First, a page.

one of the best ways i’ve seen a white person address their privilege in relation to the attitude of “calling the cops” when you feel unsafe. for so, so many people, calling the cops means exactly the opposite.
If any of you thinks that having a public Tumblr open to all somehow will allow you to be safe and secure even if you block people on Tumblr, quite frankly, you are delusional.
Tumblr is indexed by Google, and easily searchable. If you have a public Tumblr, anyone, and I mean anyone can find you/follow you/etc. If you do not want them to follow you, you can simply block them, but there is no way to stop them from accessing your Tumblr other ways. Blocking a user on Tumblr just means that their comments/posts/etc. won’t show up on your dash or on your Tumblr itself. Part of this is because Tumblr is a very public social media technology. It was not engineered with privacy in mind, but with public sharing.
All this discussion about safety and security is fucking absurd and ridiculous, and blown beyond proportion in that respect. If you really wanted to be safe online, you would friend lock or privatize whatever social media technology you are using. That is the only way to be safe on the Internet. And that is just how the Internet works, regardless of what race, class, gender, or sexuality you happen to be.
So really, anyone trying to argue that this has anything to do with security — yeah. Okay. If you say so.
You are horrific. You really, truly are quite terrible. I don’t know what white academia did to you, but it has poisoned your soul something fierce. And I actually feel quite a bit of sadness that your shittiness won’t allow you to form the meaningful, transformative connections I’ve found with people on this site.
But like I said when of-praxis made a similar post: We are writing our own rules. We are creating our own boundaries. “That is just how the internet works?” Naw, boo. We will determine how the internet works. We will mold it to fit OUR needs. It is good prep-work for the rest of the world.
We do not adhere to conventions that were created to destroy us. We set the terms. Follow them or get burned.
What the fuck is this? No. This is really and truly is horrific.
Also? You don’t actually seem to understand how either tumblr or google works. People can actually choose an option to allow their tumblr to be indexed by google or not. Mine isn’t. Of course, I show up in the reblogs of other people whose blogs are crawled by google, but that isn’t the same at all.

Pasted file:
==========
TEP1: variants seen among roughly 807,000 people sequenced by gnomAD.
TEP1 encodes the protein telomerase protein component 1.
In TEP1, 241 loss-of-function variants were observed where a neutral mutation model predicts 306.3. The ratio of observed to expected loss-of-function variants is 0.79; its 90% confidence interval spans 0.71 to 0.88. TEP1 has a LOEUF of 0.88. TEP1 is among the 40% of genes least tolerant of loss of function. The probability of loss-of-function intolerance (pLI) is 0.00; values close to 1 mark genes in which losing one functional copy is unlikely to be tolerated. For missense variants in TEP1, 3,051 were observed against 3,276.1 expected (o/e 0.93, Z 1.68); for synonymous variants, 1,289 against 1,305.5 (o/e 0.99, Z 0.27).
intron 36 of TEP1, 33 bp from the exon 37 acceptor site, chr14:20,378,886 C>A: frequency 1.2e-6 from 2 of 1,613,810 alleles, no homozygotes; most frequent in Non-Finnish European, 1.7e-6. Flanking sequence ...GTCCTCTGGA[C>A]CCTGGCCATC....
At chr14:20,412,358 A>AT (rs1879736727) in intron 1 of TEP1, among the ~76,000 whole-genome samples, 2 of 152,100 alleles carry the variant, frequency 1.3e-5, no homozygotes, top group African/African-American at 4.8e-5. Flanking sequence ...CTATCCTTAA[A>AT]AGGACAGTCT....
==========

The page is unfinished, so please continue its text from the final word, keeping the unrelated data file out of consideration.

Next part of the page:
Also, people can pasword protect their tumblr to restrict access if they so choose. The fact that you are treating the openness and generosity of so many people with just cruel and callous disregard is horrifying.
And it is unbelievably patronizing to point out to Black bloggers, many (if not all) have been exposed to the worst kind of stalking, death threats, rape threats, threats of violence, etc. that their online activities expose them and make them vulnerable, as if they don’t already fucking know. They know better than you appear to, just how dangerous the internet is. Why the fuck do you think this has been such an issue for two days now? *Because lives are at stake and no one is playing games except for you, it seems*
This is some disgusting victim blaming shit right here. Fuck off.
The way the internet will be safe… is if people treat other people like human beings and don’t study, stalk, threaten, or otherwise behave like complete and utter assholes. Black people have more than every right to demand that they be able to use the internet freely and openly without people exploiting them, threatening them, or otherwise hurting them.
Why aren’t you acting like a decent human being instead of blaming and punishing Black people for their vulnerability?
lol this dumb bitch
“i plan to study you like you’re bugs in glass and if you try to do anything about that, TOO BAD AHAHAHAHAHAHA stop being mad that people are invading your privacy, this is PUBLIC INTERNET AND EVERYONE CAN HAVE EVERYTHING! ESPECIALLY ME!!”
Media:lmao that's weird. guys! guys! look how fucking different they are!
White people:*doing the exact same stuff stolen from POC's culture*
Media:omfg. OMFG!!! RADICAL! ORIGINAL AND UNIQUE! LETS MAKE THIS A NEW TREND! NO ONE'S EVER THOUGHT OF THIS BEFORE! THIS IS SO INSPIRATIONAL! LET'S MAKE THEM FAMOUS AND GIVE THEM FUCKLOADS OF MONEY FOR THIS!
I’m writing a fantasy series. To be specific, I’m writing a multi-ethnic, supernatural, steampunk high fantasy series. If you’re not sure what I mean, I’ll give you some reference points. Think the television show “Heroes” meets “The League of Extraordinary Gentlemen” meets “A People’s History of the United States” and throw in some colonialism, imperialism, racism, and other -isms. I’ve always loved the fantasy genre every since I was a kid and here are some things I’ve noticed about the genre (books, film, television and video games) in regards to race: